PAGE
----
Karim is a recipe developer (for Bon Appétit, among others) who competed on “Next Level Chef,” and her signature cooking style is combining her Bangladeshi heritage with her American South — specifically Marietta, Georgia — upbringing. Southern comfort food with South Asian flair, if you will, though Karim freely plumbs the globe for flavors and techniques.
“I’ve been to a lot of places and eaten with a lot of families and learned new things everywhere,” she tells Brooklyn Magazine. “So my food is always going to represent all of my experiences, rather than just the two geographies I identify with.”
Her Farm to People menu, for example, includes a buttermilk-brined roasted chicken slathered in a shiso chimichurri, which is delicious, as is the pistachio kofta, a trio of fat meatballs drenched in both feta and pumpkin ancho chili sauces. And the pot pie, “a dish I loved growing up in the South,” she says, is inspired by her mom’s recipe for korma, a type of curried chicken, but is here prepared with mushrooms.
Farm to People is located at 1110 Flushing Avenue, near the corner of Irving Avenue, and the Reenie’s residency runs through January every Thursday through Sunday evening from 5 to 10 p.m.
Kiosko 787 in Gowanus now offers indoor dining
A sneak peek of the new Kiosko 787 dining room, opening later this week (Scott Lynch)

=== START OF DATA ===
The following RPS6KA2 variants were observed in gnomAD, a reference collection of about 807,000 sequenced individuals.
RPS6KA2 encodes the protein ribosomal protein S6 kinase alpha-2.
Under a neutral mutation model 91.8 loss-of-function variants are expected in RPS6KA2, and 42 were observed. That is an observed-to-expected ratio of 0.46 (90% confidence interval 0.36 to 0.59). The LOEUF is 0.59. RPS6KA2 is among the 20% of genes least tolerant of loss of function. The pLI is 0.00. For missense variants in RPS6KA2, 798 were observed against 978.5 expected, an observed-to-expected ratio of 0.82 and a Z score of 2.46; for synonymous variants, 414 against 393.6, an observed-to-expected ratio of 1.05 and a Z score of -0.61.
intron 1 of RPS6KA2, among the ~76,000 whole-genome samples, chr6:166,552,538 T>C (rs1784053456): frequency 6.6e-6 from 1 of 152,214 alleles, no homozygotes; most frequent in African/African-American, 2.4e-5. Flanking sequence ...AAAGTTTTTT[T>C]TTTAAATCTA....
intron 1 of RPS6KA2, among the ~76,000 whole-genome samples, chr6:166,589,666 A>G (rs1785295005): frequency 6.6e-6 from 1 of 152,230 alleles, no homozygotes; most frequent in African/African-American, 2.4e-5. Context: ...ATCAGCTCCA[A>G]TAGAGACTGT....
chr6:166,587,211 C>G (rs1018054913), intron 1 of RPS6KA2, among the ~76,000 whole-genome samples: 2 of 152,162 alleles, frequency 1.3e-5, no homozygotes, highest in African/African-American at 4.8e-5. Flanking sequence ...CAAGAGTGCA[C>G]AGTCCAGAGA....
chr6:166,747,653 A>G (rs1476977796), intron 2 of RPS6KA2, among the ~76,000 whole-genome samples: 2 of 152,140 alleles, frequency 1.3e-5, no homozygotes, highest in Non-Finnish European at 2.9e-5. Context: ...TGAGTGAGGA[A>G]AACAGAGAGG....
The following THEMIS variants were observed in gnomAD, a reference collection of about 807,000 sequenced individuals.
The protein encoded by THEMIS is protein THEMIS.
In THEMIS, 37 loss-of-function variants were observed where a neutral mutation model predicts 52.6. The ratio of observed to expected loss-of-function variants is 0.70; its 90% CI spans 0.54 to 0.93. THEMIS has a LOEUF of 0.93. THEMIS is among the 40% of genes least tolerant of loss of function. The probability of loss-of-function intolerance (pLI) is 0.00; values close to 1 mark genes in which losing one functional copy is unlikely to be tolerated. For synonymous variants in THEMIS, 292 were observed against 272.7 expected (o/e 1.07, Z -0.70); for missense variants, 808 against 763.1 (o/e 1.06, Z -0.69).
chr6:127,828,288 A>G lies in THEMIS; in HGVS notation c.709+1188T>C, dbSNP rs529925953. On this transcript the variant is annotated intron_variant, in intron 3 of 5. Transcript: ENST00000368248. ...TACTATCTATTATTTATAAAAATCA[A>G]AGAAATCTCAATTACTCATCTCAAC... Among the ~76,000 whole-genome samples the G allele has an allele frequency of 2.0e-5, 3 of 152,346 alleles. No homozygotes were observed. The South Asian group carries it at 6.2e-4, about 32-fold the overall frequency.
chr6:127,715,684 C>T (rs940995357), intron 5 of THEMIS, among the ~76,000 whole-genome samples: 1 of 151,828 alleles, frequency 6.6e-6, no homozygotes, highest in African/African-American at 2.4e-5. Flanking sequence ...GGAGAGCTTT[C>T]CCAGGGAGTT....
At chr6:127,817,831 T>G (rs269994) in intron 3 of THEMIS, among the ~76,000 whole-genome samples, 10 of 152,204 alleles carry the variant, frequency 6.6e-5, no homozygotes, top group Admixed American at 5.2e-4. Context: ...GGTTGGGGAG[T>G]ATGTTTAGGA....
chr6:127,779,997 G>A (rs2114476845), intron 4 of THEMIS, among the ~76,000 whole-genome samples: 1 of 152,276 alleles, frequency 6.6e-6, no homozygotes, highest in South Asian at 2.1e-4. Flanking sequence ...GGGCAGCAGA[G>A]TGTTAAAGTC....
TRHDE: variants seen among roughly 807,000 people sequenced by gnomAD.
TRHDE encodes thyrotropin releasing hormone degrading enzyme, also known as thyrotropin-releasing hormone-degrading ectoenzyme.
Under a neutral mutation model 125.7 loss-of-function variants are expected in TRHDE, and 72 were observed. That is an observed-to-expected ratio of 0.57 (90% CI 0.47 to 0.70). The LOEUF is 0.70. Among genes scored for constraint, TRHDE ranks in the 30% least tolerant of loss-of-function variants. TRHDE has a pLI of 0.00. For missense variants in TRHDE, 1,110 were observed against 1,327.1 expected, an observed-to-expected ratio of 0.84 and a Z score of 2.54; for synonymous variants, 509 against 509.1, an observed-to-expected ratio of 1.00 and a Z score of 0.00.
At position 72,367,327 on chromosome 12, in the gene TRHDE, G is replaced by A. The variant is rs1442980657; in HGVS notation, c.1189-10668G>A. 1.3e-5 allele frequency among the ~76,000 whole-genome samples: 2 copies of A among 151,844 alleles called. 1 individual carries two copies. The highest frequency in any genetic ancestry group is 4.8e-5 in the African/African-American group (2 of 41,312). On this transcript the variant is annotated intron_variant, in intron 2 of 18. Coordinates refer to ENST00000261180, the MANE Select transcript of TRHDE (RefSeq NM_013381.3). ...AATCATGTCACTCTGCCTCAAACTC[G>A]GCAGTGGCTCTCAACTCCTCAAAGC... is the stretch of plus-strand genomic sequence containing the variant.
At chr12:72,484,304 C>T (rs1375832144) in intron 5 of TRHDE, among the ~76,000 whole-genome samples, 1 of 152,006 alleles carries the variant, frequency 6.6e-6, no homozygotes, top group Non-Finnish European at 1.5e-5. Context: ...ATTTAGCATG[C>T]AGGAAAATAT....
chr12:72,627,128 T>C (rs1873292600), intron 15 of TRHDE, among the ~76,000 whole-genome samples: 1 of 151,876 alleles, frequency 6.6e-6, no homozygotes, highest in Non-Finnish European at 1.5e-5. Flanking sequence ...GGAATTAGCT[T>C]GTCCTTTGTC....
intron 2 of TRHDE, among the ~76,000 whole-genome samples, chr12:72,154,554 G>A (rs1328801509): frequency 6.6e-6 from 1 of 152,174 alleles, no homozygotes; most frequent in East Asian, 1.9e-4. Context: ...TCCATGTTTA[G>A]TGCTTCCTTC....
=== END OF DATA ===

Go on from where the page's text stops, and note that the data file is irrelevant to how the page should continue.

It was high summer the first time I ate at Al Rosario’s terrific Kiosko 787, a hole-in-the-wall takeout spot specializing in Puerto Rican classics, and the card tables he had set up out front made for a perfectly pleasant perch for a feast. That sidewalk setup is perhaps less appealing now that it’s January, but don’t worry, Rosario’s got you, and this week he opens a brand new indoor dining room that he built right next door.
The new space, which replaces the Integrated Bodywork Center, has seating for about 18 people, with a couple of flat screen TVs and some cute touches like that fake balcony. Not that Rosario’s getting all fancy on us. Kiosko 787 remains a counter service restaurant, and the menu is the same, with bangers like the mamposteao rice platter with pork belly and plantains, and the mighty “Tripleta Boricua” sandwich stuffed with steak, roast pork, ham and crunchy potato stix.
Kiosko 787 is located at 488 Carroll Street, between Fourth and Third Avenues, and is open from Tuesday through Sunday for lunch and dinner.
Cozy Royale’s star-studded Soup ‘n’ Burger festival returns
Last year’s Taqueria Ramirez entry to the Soup ‘n’ Burger festival (Scott Lynch)
Starting on January 22, for eight Mondays in a row, the great Williamsburg meathouse Cozy Royale — the restaurant offshoot of the Meat Hook butcher shop — will invites a different chef from one of the best restaurants in going to invent a new burger-and-bowl-of-soup combo to warm our weary winter souls.
I made it to two of these last year, one hosted by Taqueria Ramirez (pictured above), the other by Nura. Both were awesome. And this year’s lineup is no less stacked, with the likes of Eric Sze from Wenwen, Eric See from Ursula, Dave Rizo from Yellow Rose and Massimo Laveglia from L’industrie serving up menus that are guaranteed to make us all very full, and very happy. It promises to be an excellent way to spend a Monday night.
Cozy Royale is located at 434 Humboldt Street, at the corner of Jackson Street, and the Soup ‘n’ Burger Party runs every Monday from January 22 through March 11.